We are working towards that with all patience and determination, but we are still far from achieving it in the foreseeable future. Therefore, we call for the formation of a united front of the Syrian left forces that are part of the revolution in order to raise the capacity of the Syrian left in revolutionary work and increase its impact and influence in general.

And we are calling broadly to encourage the formation of popular local councils from below and to build an alternative revolutionary leadership that grows out of the revolutionary movement and frames the armed popular resistance. We are also working on building an international solidarity network with the Syrian popular revolution and the revolutionary left within it.

HOW DO you see the future of the Syrian Revolution playing out?

IT IS clear that what is happening in our countries--and Tunisia and Egypt are proof--is not simply a political revolution aimed at superficial changes to the top of the regime. Nor are these revolutions with stages. We are witnessing revolutionary processes that will not stop at partial changes to the standing regimes, especially since the driving motivations, which we've mentioned, require more than just political reforms to be achieved. They require radical economic and social changes.

These revolutionary processes may go on for years and extend beyond the geographic borders of our region, as they have already. These are popular revolutions from below that push, without any doubt, toward the deepest political, economic and social changes in our countries. In other words, they are permanent revolutions.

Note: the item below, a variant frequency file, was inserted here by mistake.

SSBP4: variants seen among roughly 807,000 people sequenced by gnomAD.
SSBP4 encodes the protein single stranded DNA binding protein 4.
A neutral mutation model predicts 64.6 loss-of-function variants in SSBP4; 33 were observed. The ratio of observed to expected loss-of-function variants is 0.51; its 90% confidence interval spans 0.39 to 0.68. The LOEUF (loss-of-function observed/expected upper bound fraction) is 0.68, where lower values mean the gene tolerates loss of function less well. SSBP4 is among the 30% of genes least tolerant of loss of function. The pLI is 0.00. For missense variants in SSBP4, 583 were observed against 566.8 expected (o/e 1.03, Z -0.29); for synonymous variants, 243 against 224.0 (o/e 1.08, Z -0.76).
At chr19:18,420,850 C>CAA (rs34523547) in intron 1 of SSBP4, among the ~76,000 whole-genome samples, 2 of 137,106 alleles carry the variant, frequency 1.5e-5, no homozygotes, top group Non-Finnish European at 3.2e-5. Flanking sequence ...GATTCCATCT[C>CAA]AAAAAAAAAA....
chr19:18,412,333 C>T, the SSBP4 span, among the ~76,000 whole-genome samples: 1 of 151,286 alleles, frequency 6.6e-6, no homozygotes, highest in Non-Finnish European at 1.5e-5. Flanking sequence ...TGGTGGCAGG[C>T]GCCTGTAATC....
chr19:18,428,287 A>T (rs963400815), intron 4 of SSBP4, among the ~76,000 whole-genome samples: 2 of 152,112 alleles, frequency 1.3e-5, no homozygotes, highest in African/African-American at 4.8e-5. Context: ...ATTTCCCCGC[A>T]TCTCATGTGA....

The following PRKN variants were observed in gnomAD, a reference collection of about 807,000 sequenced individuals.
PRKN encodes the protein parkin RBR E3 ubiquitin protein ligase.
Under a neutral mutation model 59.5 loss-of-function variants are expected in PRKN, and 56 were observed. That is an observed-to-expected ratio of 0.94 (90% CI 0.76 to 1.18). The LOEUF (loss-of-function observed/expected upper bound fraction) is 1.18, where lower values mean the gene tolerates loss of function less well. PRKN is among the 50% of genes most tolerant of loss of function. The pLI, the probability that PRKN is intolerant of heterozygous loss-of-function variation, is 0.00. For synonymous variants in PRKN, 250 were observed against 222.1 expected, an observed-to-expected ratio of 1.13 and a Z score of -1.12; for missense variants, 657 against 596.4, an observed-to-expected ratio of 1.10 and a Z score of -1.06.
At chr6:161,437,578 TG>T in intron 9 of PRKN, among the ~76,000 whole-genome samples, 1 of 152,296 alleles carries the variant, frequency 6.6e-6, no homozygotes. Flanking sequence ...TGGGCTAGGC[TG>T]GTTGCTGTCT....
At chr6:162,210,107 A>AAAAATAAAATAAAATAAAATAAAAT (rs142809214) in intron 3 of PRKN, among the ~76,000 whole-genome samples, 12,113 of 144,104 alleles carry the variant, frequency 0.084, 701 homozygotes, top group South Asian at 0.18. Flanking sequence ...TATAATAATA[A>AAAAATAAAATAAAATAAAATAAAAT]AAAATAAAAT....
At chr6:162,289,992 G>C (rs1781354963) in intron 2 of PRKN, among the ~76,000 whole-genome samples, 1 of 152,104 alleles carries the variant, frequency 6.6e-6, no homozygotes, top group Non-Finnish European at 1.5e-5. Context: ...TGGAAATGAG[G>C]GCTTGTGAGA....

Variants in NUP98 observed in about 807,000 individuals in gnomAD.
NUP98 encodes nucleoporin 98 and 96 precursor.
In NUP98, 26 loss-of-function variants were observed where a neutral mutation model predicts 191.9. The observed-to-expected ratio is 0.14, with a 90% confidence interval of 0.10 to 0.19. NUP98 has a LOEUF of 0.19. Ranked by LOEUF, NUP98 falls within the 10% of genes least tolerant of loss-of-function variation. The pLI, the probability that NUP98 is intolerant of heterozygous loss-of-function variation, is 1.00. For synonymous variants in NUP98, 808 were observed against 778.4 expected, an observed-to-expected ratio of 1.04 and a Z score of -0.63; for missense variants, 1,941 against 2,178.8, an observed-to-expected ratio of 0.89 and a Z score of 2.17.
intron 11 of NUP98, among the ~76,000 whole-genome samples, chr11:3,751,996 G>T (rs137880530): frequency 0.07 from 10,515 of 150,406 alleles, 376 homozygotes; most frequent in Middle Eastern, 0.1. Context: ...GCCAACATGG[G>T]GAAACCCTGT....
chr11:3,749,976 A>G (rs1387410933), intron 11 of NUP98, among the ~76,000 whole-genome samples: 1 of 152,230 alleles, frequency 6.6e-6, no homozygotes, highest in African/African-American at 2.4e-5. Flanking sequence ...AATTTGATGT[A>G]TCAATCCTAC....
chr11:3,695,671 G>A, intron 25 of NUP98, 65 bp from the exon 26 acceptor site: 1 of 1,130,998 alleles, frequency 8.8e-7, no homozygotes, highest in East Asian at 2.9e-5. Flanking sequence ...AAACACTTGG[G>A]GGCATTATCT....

The task of the revolutionary left is to push these revolutionary process forward by mobilizing the masses and increasing their level of revolutionary consciousness to the utmost degree, that is, towards social revolutions: socialism.

Like all revolutionary processes, their fate is not predetermined. They are processes that are open to many possibilities, depending on the balance of political and class forces, and the choices of the active forces within it. But at the same time, they are processes of great liberation for all society. Whatever twists and turns they have seen, the broad masses have forcefully entered the center stage of history in our countries. And there is no turning back.

The Syrian Revolution faces many difficulties, obstacles and challenges. The reactionary and imperialist governments, which falsely proclaim their friendship with the Syrian people, do not wish to see them succeed, because the Syrian Revolution's victory will mean the spread of revolutions like wildfire--throughout the Gulf states, Saudi Arabia and beyond.

We can foresee their impact with the eruption of revolutionary activity in Saudi Arabia, Kuwait and Bahrain that took place after the uprising in Yemen. Despite all of this, and despite the Syrian Revolution's advances, retreats, twists and turns, we are deeply convinced, like the millions within the ranks of our rebellious masses, of our victory over the ruling dictatorial junta of the bourgeoisie.

First published at the Almounadil-a website.